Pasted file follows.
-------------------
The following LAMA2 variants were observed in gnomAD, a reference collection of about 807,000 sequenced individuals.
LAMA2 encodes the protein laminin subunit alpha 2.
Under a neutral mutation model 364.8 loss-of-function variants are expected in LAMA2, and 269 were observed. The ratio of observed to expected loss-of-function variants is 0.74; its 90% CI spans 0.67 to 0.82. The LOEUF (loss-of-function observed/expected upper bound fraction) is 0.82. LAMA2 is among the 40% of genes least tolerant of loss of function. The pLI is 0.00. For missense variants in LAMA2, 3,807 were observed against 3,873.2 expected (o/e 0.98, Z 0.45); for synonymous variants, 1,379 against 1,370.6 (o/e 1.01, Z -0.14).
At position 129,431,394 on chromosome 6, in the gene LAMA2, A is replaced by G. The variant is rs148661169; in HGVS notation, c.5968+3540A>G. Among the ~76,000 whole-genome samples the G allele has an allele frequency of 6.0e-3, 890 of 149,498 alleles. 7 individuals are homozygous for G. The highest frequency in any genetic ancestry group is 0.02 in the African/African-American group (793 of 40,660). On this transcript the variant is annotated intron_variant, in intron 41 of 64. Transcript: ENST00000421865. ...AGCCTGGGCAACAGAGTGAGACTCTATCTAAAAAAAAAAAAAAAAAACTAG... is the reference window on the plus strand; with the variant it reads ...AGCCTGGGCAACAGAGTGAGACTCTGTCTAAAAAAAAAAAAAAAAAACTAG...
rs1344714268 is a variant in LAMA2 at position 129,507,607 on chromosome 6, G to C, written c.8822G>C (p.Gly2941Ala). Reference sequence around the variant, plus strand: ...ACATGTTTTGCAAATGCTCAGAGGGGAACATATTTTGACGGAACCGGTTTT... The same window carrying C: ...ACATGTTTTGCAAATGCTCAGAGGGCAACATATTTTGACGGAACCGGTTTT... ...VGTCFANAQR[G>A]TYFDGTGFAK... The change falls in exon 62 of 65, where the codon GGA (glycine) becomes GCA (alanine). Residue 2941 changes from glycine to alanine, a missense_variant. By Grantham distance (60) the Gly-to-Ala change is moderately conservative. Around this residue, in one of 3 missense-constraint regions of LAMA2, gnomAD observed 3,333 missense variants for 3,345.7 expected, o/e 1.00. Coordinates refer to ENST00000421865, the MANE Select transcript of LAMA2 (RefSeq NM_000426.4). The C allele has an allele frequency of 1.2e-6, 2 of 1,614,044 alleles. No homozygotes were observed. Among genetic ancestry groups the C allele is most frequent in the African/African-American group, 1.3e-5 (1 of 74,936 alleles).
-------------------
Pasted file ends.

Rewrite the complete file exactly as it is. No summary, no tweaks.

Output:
The following LAMA2 variants were observed in gnomAD, a reference collection of about 807,000 sequenced individuals.
LAMA2 encodes the protein laminin subunit alpha 2.
Under a neutral mutation model 364.8 loss-of-function variants are expected in LAMA2, and 269 were observed. The ratio of observed to expected loss-of-function variants is 0.74; its 90% CI spans 0.67 to 0.82. The LOEUF (loss-of-function observed/expected upper bound fraction) is 0.82. LAMA2 is among the 40% of genes least tolerant of loss of function. The pLI is 0.00. For missense variants in LAMA2, 3,807 were observed against 3,873.2 expected (o/e 0.98, Z 0.45); for synonymous variants, 1,379 against 1,370.6 (o/e 1.01, Z -0.14).
At position 129,431,394 on chromosome 6, in the gene LAMA2, A is replaced by G. The variant is rs148661169; in HGVS notation, c.5968+3540A>G. Among the ~76,000 whole-genome samples the G allele has an allele frequency of 6.0e-3, 890 of 149,498 alleles. 7 individuals are homozygous for G. The highest frequency in any genetic ancestry group is 0.02 in the African/African-American group (793 of 40,660). On this transcript the variant is annotated intron_variant, in intron 41 of 64. Transcript: ENST00000421865. ...AGCCTGGGCAACAGAGTGAGACTCTATCTAAAAAAAAAAAAAAAAAACTAG... is the reference window on the plus strand; with the variant it reads ...AGCCTGGGCAACAGAGTGAGACTCTGTCTAAAAAAAAAAAAAAAAAACTAG...
rs1344714268 is a variant in LAMA2 at position 129,507,607 on chromosome 6, G to C, written c.8822G>C (p.Gly2941Ala). Reference sequence around the variant, plus strand: ...ACATGTTTTGCAAATGCTCAGAGGGGAACATATTTTGACGGAACCGGTTTT... The same window carrying C: ...ACATGTTTTGCAAATGCTCAGAGGGCAACATATTTTGACGGAACCGGTTTT... ...VGTCFANAQR[G>A]TYFDGTGFAK... The change falls in exon 62 of 65, where the codon GGA (glycine) becomes GCA (alanine). Residue 2941 changes from glycine to alanine, a missense_variant. By Grantham distance (60) the Gly-to-Ala change is moderately conservative. Around this residue, in one of 3 missense-constraint regions of LAMA2, gnomAD observed 3,333 missense variants for 3,345.7 expected, o/e 1.00. Coordinates refer to ENST00000421865, the MANE Select transcript of LAMA2 (RefSeq NM_000426.4). The C allele has an allele frequency of 1.2e-6, 2 of 1,614,044 alleles. No homozygotes were observed. Among genetic ancestry groups the C allele is most frequent in the African/African-American group, 1.3e-5 (1 of 74,936 alleles).